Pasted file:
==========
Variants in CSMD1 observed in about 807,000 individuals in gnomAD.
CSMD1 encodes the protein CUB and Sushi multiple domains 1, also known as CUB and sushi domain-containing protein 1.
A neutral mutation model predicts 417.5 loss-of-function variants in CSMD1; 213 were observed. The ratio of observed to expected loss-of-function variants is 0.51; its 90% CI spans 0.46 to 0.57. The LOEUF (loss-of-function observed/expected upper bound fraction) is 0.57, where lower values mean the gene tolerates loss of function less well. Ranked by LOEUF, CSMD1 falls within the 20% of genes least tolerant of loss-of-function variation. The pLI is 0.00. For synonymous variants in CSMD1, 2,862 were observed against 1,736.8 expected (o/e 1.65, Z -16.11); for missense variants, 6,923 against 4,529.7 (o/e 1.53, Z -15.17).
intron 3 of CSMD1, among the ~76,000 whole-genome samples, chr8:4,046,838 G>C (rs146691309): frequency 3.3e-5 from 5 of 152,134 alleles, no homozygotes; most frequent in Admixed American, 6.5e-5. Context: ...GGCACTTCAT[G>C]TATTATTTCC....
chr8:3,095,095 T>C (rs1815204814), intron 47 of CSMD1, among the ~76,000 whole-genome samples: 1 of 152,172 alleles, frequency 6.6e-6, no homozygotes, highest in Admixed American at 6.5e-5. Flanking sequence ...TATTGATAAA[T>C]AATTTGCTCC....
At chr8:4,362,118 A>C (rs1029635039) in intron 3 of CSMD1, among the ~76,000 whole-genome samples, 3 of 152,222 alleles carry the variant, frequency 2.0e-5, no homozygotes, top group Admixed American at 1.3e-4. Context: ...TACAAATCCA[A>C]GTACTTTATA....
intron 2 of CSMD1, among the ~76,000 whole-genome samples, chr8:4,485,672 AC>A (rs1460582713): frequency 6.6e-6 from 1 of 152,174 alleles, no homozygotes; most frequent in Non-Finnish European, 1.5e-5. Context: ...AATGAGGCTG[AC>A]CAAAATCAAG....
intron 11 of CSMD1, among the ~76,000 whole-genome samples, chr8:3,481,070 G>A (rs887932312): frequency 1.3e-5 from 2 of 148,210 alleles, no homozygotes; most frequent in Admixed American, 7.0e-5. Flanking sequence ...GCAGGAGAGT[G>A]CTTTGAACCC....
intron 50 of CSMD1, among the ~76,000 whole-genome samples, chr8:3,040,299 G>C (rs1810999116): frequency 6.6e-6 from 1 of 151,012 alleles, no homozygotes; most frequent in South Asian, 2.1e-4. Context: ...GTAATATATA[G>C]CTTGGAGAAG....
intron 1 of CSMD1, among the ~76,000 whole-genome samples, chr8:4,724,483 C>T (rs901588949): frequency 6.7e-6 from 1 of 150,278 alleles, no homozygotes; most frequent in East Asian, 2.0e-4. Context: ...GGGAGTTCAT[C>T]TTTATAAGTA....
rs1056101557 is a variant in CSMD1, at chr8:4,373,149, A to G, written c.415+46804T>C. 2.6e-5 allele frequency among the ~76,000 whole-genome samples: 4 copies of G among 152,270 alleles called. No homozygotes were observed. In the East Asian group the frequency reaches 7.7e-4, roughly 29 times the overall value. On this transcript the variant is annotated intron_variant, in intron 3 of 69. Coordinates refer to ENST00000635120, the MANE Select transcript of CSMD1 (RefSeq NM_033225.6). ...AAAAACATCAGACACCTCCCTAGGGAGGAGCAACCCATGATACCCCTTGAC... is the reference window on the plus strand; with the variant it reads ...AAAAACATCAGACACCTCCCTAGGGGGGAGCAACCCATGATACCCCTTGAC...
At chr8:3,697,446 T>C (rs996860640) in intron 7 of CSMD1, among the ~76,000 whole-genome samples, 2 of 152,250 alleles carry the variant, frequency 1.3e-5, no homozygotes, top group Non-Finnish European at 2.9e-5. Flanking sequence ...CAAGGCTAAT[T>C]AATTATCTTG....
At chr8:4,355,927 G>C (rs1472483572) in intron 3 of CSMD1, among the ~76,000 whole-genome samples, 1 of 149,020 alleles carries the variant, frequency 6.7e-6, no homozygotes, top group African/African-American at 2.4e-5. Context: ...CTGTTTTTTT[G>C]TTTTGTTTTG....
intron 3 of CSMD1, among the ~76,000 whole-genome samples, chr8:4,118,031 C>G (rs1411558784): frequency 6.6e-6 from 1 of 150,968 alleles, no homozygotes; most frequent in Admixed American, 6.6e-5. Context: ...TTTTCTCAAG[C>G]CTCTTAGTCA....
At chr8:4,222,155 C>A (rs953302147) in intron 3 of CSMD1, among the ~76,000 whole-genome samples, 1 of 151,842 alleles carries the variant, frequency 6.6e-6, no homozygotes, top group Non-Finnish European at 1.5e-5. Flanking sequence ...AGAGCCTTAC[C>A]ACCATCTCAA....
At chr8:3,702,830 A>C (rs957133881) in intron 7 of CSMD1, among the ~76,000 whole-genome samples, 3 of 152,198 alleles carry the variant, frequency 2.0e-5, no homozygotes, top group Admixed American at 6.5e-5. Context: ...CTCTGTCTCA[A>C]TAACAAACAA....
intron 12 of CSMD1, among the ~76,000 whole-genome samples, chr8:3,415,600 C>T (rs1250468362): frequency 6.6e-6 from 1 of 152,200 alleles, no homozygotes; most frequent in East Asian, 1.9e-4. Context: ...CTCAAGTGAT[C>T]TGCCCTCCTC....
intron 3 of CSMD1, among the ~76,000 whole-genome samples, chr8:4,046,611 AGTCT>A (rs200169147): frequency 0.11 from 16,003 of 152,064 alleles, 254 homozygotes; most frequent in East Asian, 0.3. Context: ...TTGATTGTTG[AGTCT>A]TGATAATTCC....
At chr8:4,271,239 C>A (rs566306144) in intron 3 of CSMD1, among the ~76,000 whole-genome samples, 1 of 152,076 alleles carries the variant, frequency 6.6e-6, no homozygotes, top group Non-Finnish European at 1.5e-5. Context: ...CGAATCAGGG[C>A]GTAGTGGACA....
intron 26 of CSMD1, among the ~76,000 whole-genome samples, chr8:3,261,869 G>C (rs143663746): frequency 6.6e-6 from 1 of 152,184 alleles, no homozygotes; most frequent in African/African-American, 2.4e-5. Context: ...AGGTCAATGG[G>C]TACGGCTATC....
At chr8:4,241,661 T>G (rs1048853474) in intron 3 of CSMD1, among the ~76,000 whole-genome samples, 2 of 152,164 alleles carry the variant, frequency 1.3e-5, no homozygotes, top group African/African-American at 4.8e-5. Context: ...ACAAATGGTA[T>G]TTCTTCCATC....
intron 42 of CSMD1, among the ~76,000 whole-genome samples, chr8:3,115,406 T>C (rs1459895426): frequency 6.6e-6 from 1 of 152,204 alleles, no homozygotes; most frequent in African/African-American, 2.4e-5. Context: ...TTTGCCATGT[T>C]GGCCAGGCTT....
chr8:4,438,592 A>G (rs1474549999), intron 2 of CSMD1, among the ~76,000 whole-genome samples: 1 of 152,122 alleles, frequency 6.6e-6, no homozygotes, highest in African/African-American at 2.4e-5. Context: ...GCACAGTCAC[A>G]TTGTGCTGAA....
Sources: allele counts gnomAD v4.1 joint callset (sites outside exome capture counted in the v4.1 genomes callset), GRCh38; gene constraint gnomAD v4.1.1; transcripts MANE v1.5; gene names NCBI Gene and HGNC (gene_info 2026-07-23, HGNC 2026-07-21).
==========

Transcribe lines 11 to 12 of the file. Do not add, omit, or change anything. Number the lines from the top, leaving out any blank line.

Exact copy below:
rs1056101557 is a variant in CSMD1, at chr8:4,373,149, A to G, written c.415+46804T>C. 2.6e-5 allele frequency among the ~76,000 whole-genome samples: 4 copies of G among 152,270 alleles called. No homozygotes were observed. In the East Asian group the frequency reaches 7.7e-4, roughly 29 times the overall value. On this transcript the variant is annotated intron_variant, in intron 3 of 69. Coordinates refer to ENST00000635120, the MANE Select transcript of CSMD1 (RefSeq NM_033225.6). ...AAAAACATCAGACACCTCCCTAGGGAGGAGCAACCCATGATACCCCTTGAC... is the reference window on the plus strand; with the variant it reads ...AAAAACATCAGACACCTCCCTAGGGGGGAGCAACCCATGATACCCCTTGAC...
At chr8:3,697,446 T>C (rs996860640) in intron 7 of CSMD1, among the ~76,000 whole-genome samples, 2 of 152,250 alleles carry the variant, frequency 1.3e-5, no homozygotes, top group Non-Finnish European at 2.9e-5. Flanking sequence ...CAAGGCTAAT[T>C]AATTATCTTG....